The five-day old calf catches the attention even as one walks up to meet Sadhana Rao. Its soft brown coat and liquid eyes capture the heart, which melts when the background is revealed. The mother and calf were rescued from a roadside near Chingleput.
The fully pregnant cow had been noticed by a passerby, who tried all possible ways to get help. A regular on that route, his concern turned into panic when the cow eventually delivered. For five days mother and calf had struggled under the Agni Nakshatram heat, without water and food.
The cow unable to stand any longer had collapsed and the baby managed to survive by suckling in a kneeling posture. The area was beyond the jurisdiction of the Blue Cross and the man with great difficulty brought them to Sadhana Rao’s Indian Institute of Animal Welfare. Medical care was given but the cow died. The male calf (picture right top) is doing well.
“It was a peaceful death,” says Sadhana Rao for whom this is part of a mission, which she took up 40 years ago. “My mother’s father maintained a gosala, may be I inherited the trait from him. A Kashmiri (pundit), the family moved South decades ago.
The Indian Institute of Animal Welfare was founded by Dr. S. Shankardev, Sadhana Rao and K.M. Padmanabhan. What started with half-a-dozen cows has expanded into a unit that shelters over 200 cows inside Kapaleeswarar Nagar, Neelangarai.
Another unit at Venkatapuram beyond the Poondi reservoir on the Oothukottai route houses 300 cows. Temples such as Marundiswarar and Tiruvidanthai Nityakalyana Perumal regularly send their animals to her shelters that have become sanctuaries for buffaloes, bullocks, sheep and goats too. “These dogs came from Kanchipuram. A swamiji found some urchins pelting stones at the mother and its just-born puppies. He sent them here,” informs Sadhana.
Sadhana has imbibed a lot from the Pondicherry Mother, who taught her spiritualism. “At the Ashram, a decision was made to cut down a mango tree that had dried. As was practice, Mother was informed. She came to the spot and sat under the tree with eyes closed for a while. ‘Don’t cut the tree, it is going to yield fruit,’ she said. Believe me, the tree put out fresh shoots, soon green leaves covered the branches and we tasted sweet mangoes. When a ‘dead’ tree has life within, how can animals be killed with such nonchalance?”
The shelter houses cattle rescued from smugglers. The caretakers show the wounds inflicted during transportation. A young cow is recovering from a fracture. “It has taken three months to heal and the animal can now walk, although with a limp,” they explain.
It has been a bumpy, sometimes even dangerous, ride. Sadhana recalls those days when a gang smuggling animals to slaughter houses was after her. “This person would scout for stray animals during the day and seize them in the middle of night. The animals would be packed into a van and despatched to slaughter houses. Naturally, they resented my intervention and waited for me with sickles. I moved about in a burkha for nearly six months and a kind police officer gave me discreet protection.”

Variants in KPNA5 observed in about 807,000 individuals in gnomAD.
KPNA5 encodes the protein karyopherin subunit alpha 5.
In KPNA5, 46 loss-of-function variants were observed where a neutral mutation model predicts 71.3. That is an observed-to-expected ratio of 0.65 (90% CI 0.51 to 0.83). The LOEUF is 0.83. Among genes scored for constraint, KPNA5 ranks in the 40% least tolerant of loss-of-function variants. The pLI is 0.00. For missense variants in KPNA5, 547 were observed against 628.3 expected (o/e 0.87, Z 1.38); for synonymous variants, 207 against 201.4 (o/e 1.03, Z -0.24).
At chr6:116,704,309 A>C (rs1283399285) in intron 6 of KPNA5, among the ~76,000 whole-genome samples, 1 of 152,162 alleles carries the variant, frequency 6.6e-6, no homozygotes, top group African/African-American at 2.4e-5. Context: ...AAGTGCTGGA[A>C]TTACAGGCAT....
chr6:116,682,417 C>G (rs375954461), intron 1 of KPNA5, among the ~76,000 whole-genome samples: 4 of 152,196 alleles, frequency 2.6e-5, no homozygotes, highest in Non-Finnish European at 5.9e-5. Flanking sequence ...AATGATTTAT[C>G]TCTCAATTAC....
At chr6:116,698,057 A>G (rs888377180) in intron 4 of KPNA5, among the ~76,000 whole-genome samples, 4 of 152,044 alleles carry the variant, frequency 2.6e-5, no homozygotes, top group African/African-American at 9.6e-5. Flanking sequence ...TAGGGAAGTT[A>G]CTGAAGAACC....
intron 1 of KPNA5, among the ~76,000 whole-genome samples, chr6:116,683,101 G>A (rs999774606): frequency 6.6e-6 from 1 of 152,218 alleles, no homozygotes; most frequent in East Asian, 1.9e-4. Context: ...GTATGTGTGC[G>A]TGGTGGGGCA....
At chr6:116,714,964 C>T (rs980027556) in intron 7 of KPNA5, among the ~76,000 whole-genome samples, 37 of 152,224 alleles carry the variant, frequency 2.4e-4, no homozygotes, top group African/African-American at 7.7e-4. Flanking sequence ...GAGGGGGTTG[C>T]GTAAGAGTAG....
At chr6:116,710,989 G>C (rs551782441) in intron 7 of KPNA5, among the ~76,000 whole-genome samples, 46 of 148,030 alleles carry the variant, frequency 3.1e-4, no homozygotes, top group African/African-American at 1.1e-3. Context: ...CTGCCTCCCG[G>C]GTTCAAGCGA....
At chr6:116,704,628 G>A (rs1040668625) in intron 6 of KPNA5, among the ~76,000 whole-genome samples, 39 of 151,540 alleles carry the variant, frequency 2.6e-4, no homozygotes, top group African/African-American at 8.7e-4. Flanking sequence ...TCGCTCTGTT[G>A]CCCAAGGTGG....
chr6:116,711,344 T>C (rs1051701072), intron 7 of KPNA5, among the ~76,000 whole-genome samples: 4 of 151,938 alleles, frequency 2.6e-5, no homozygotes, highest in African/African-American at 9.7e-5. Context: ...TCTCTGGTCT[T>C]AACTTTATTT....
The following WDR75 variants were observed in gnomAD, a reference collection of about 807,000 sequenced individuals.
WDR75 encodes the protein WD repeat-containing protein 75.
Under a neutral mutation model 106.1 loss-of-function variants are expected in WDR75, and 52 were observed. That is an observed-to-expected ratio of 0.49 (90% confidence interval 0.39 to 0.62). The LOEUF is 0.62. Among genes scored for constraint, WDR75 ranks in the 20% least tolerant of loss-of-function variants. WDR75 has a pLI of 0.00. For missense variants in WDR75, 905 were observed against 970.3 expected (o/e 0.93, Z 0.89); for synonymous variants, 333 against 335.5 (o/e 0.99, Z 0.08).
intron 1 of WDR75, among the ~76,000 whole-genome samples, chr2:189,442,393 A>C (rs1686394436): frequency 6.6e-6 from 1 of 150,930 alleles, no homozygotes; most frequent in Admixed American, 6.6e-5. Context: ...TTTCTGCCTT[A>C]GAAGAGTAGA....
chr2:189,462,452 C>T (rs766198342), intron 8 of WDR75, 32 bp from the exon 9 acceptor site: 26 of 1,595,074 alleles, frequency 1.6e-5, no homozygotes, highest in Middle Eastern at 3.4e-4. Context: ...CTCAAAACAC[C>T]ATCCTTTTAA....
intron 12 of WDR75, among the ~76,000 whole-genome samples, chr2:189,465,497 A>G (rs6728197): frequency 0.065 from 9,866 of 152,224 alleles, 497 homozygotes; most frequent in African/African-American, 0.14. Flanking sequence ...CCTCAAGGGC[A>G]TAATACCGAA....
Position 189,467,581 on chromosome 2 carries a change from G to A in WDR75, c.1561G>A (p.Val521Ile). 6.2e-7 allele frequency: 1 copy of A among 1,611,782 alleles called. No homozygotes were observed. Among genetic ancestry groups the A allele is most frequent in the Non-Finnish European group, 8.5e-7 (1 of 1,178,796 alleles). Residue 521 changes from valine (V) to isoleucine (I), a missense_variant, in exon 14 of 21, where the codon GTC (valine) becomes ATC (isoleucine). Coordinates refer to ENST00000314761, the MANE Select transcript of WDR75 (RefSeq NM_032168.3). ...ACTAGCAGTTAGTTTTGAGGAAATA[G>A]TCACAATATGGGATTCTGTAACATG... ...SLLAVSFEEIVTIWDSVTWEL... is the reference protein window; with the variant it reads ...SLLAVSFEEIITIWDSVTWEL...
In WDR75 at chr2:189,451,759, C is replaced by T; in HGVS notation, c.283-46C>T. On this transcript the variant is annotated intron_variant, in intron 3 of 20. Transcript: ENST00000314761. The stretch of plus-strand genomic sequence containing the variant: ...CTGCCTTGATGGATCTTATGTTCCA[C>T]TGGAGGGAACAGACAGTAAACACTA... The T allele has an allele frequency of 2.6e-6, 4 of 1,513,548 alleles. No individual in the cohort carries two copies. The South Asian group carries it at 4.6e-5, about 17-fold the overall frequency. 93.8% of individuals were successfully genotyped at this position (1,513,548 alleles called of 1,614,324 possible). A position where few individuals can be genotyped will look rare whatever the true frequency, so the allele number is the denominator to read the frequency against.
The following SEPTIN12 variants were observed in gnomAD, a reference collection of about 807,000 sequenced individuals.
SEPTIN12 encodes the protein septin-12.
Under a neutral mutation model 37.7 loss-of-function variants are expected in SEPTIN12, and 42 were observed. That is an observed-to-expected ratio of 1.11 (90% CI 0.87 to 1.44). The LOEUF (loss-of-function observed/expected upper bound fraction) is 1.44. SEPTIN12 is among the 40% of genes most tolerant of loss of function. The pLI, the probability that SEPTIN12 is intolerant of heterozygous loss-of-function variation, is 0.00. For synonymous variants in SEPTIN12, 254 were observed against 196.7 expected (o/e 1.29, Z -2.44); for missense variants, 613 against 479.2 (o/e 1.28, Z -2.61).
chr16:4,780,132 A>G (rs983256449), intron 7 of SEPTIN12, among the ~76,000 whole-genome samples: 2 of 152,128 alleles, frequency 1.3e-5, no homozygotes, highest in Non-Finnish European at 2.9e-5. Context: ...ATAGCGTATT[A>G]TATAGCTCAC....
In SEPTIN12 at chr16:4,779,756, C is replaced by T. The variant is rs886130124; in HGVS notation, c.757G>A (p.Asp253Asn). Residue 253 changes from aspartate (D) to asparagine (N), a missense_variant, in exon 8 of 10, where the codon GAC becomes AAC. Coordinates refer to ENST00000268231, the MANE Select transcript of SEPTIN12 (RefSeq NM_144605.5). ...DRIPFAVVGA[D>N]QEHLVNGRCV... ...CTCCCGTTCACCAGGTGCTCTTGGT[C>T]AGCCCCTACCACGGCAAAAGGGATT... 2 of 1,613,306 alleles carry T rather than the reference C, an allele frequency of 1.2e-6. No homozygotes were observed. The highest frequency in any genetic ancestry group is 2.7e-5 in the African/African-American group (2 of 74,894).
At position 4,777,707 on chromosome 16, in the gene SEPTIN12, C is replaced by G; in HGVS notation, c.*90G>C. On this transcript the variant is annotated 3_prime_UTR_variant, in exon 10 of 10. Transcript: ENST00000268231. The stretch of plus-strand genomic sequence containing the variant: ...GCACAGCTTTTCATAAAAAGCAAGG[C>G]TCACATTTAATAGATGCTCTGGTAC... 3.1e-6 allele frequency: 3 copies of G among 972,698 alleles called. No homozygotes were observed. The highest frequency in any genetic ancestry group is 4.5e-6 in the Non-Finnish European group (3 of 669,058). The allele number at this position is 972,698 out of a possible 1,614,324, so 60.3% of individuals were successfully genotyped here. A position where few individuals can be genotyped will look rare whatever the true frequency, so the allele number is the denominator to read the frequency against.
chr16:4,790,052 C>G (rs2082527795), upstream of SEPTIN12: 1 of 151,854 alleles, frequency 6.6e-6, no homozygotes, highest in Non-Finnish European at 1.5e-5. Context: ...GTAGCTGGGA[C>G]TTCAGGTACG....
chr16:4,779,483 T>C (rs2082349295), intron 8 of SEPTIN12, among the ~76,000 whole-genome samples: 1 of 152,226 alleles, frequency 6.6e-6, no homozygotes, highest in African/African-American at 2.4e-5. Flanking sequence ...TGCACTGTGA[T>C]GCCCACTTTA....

Such was Sadhana’s determination that threat to life did not matter. Hailing from an affluent family, she spent all the wealth bequeathed for the cause. Her grandfather was a secretary to the Mahatma and the family donated 40 villages to Vinobha’s bhoodan movement. Sadhana has mortgaged all her jewels to meet the gosala expenses.
“The cows have given me spiritual strength in return, a gift so precious for those born in this punya bhoomi. Crises don’t worry me these days,” says Sadhana softly. “I’m a devotee of Paramacharya. Waking up at 3 a.m., I looked towards the shelter and found all the cows standing, eyes focused in one direction. This was unusual. For a fraction of a second, I saw the figure of Periyava amidst the cows. I did namaskaram from where I was.
“Another time, a group of sanyasis from Gujarat came here and offered obeisance to the cows. I can talk about such experiences endlessly…”
It is the Jain community that is supporting the Institute. Fodder, maintenance, medical care, salary for the helpers, etc., run into lakhs of rupees. Sri Rajendra Jayant Goseva Samiti and Sri Om Shakti Seva Mandal are helping the Neelangarai shelter. Sambhavnath Seva Mandal is taking care of the Venkatapuram gosala. But spiralling costs and increase in the number of animals make funds a constraint.
Finding land is on top of Sadhana’s mind now. Posh houses have been built in the neighbourhood. The residents object to the surroundings. “This is where the Government can help us. Close to the Nityakalyana Perumal temple in Tiruvidanthai, a sprawling area is available. The Institute needs five acres for the animals and the caretakers. If this can be allotted to us, we will be grateful. A gosala in close proximity will bring more devotees to the temple. We have represented to the HR and CE Board and hope they oblige.”
Sadhana strongly appeals for a veterinary ambulance service on the lines of 108.
The Institute can be contacted at 24493141 and 9840456623.
Gems of justice
Sadhana Rao commends judge Karpagavinayakam, who ruled against auction of cows by temples.
She admires the courage of the woman magistrate at Nazarethpet, who under Section 429, handed over to the Institute the lorry load of animals it had intercepted instead of returning them to the smugglers as is done in some cases.
When a cow vigorously swishes her tail, she is in distress. When in pain, she will shake her head and shed tears.
If she is thirsty and you happen to pass by with a pail of water, she will glance at you and the bucket. Otherwise she will run her tongue over her muzzle.
Hunger and thirst are signalled through loud bellowing.